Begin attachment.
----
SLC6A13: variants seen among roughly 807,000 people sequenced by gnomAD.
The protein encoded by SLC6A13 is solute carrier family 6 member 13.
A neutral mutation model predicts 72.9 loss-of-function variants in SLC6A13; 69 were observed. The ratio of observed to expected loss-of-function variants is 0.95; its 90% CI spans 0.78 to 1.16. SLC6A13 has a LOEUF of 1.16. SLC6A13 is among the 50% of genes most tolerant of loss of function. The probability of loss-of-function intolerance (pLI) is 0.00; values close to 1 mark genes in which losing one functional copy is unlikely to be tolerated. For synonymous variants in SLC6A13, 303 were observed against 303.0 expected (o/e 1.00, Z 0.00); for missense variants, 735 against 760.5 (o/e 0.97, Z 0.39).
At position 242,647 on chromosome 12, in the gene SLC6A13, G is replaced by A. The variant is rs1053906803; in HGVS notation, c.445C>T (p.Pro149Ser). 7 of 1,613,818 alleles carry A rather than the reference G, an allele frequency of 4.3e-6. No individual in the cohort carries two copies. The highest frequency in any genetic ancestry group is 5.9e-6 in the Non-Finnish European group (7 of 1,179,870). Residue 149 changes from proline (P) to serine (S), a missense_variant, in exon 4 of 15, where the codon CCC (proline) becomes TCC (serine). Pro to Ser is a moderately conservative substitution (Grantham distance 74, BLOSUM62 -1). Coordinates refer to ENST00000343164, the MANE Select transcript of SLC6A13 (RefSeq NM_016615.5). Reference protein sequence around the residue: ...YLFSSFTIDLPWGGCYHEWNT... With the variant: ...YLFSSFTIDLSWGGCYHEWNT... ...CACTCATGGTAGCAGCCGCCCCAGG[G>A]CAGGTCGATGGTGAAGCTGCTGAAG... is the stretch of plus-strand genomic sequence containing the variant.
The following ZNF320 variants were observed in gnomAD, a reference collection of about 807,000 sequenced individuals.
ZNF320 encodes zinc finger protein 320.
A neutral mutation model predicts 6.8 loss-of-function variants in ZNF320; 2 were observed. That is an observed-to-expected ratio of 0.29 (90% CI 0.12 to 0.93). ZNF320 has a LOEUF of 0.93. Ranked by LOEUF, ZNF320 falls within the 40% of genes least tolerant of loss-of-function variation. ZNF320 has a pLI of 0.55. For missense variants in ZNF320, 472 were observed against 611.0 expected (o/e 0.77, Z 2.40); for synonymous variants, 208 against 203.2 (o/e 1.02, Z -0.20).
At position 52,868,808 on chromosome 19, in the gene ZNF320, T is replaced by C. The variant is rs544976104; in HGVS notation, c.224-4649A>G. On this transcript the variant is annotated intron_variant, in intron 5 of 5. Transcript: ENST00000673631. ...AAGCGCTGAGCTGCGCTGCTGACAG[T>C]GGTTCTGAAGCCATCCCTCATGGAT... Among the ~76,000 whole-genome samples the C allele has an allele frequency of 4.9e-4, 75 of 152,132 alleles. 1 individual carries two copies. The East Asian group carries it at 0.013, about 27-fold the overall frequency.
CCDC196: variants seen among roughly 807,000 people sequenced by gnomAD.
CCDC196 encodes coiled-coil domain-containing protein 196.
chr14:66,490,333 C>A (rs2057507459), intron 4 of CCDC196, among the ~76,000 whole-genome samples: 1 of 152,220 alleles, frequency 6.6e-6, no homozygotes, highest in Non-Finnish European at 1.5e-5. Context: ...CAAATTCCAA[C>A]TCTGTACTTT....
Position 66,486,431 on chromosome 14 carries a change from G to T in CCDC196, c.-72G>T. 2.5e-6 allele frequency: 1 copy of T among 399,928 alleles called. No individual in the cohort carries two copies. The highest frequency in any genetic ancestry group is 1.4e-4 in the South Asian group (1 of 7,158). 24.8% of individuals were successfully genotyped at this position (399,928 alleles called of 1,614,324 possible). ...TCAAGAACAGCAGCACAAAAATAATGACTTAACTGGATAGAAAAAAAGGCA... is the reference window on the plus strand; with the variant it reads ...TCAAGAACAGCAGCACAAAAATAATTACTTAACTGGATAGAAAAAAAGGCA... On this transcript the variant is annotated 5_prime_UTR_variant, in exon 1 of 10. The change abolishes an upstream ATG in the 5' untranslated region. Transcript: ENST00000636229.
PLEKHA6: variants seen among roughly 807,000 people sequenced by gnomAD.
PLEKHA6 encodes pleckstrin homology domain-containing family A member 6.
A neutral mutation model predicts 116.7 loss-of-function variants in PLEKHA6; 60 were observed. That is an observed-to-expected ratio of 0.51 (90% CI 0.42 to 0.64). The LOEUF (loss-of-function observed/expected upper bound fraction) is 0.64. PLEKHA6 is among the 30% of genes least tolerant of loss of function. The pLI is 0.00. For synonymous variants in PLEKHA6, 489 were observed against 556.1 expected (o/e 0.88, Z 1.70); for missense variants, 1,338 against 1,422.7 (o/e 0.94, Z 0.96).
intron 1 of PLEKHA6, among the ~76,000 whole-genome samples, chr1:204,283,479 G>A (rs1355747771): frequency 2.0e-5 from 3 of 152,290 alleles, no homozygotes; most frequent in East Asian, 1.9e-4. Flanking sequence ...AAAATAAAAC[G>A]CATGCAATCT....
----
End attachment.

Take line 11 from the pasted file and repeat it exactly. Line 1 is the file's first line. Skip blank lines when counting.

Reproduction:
chr14:66,490,333 C>A (rs2057507459), intron 4 of CCDC196, among the ~76,000 whole-genome samples: 1 of 152,220 alleles, frequency 6.6e-6, no homozygotes, highest in Non-Finnish European at 1.5e-5. Context: ...CAAATTCCAA[C>A]TCTGTACTTT....